The Rise of a New Species of Human Being
Today, what survives on Earth can be determined entirely by human beings. We can alter the genetics of almost any life form and potentially design entirely new ones. According to renowned physicist Freeman Dyson, “In the future, a new generation of artists will be writing genomes as fluently as Blake and Byron wrote verses.”
In their book Evolving Ourselves , Juan Enriquez and Steve Gullans describe a world where evolution is no longer driven by natural processes. Instead, it is driven by human choices, through what they call unnatural selection and non-random mutation. As a result, we will see the emergence of an entirely new species of human beings.
There is no doubt that Enriquez and Gullans describe a powerful tool for accelerating human progress. We could use it to eradicate genetic diseases, increase our lifespan and design life that can survive on Mars.
Naturally, there are possible negative applications. To what extent should we allow designer babies? Should we bring back extinct species? How do we prevent criminals from designing harmful viruses or bioweapons? Like many other experts, Enriquez and Gullans stress the importance of stimulating an ethical dialogue around such advancements.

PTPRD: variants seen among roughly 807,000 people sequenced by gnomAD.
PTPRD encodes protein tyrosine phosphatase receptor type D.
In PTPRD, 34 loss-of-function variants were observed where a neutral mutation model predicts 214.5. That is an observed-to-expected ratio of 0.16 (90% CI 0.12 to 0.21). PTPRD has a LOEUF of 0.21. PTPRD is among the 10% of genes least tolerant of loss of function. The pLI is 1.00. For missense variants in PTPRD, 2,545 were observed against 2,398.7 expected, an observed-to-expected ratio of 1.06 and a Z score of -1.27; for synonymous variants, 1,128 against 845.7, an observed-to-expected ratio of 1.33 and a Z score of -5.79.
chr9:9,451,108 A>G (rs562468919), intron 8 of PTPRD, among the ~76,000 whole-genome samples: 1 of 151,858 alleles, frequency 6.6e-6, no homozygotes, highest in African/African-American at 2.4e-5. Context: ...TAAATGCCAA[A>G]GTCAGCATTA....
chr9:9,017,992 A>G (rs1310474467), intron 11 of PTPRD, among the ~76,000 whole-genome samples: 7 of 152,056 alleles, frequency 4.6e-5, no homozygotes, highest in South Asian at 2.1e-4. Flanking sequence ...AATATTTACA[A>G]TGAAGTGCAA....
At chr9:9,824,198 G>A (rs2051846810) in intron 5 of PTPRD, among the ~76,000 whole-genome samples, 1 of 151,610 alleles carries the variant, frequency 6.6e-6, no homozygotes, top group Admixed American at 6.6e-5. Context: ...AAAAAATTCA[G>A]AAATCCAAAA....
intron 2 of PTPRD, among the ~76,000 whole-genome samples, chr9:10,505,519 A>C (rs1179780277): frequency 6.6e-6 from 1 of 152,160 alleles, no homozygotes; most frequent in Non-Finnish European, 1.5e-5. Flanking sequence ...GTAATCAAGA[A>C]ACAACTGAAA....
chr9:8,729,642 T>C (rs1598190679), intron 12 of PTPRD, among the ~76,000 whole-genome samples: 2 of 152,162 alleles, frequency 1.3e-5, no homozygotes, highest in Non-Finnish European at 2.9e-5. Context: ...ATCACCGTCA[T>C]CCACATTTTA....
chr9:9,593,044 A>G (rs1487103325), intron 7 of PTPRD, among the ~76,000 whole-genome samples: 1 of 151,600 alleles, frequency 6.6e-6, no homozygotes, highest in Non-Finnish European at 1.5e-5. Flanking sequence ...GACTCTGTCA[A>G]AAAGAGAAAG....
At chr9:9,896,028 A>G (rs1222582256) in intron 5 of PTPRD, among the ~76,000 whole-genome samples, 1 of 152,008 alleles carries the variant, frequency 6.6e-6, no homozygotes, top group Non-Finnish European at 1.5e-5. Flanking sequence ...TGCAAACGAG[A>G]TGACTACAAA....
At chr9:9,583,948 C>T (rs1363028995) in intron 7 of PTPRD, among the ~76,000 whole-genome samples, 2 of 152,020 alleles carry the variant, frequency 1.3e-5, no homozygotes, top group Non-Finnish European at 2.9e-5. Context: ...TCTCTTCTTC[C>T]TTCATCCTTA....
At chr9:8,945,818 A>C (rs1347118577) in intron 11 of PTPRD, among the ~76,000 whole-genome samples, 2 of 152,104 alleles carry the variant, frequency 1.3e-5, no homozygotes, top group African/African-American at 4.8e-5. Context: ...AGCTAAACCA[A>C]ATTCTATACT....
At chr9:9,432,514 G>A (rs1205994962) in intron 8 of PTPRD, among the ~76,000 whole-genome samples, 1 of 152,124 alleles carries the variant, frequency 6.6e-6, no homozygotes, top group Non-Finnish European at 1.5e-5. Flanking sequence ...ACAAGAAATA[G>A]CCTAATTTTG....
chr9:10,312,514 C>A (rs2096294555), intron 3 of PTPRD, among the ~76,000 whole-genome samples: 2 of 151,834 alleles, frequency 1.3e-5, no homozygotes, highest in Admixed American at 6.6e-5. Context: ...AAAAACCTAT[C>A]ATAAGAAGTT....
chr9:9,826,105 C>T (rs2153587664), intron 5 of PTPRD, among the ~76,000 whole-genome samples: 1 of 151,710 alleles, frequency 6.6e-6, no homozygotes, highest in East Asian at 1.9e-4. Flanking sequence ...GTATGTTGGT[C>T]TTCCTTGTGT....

As a science author, researcher and entrepreneur, Juan Enriquez has been studying the widespread implications of genomics and other life sciences on society. In a conversation with Singularity Hub, Enriquez painted a radically profound future for humanity.
Your work describes a world in which humanity is altering its genome and controlling its evolution. If Charles Darwin was alive today, how would he describe this new world?
I think we see two parallel evolutionary structures. There is one evolutionary structure that Darwin and Wallace discovered that applied for four billion years, where random mutation and natural selection continue to occur. But then there is a world where the primary determinant of what lives and dies becomes human beings. This is a world of unnatural selection, because humans would rather have dogs and cats than snakes and grizzly bears. It’s a world where we deliberately insert genes into bacteria, plants and animals for specific purposes. This is a form of intelligent design, and has nothing to do with random mutations.
In your 2009 TED talk, you say “We are becoming a new species, we are becoming Homo Evolutis.” How exactly do you envision the Homo Evolutis being different from Homo Sapiens?
If you look at the history of humanity in hominids, there have been at least 32 different species of hominids alive. We coexisted with at least five of them. We interbred with several of them. The normal and natural state of the planet is to have various species of monkeys, elephants, tigers and also hominids. Having other species of hominids walking around is not unusual or unnatural. It involves going back to a normal state.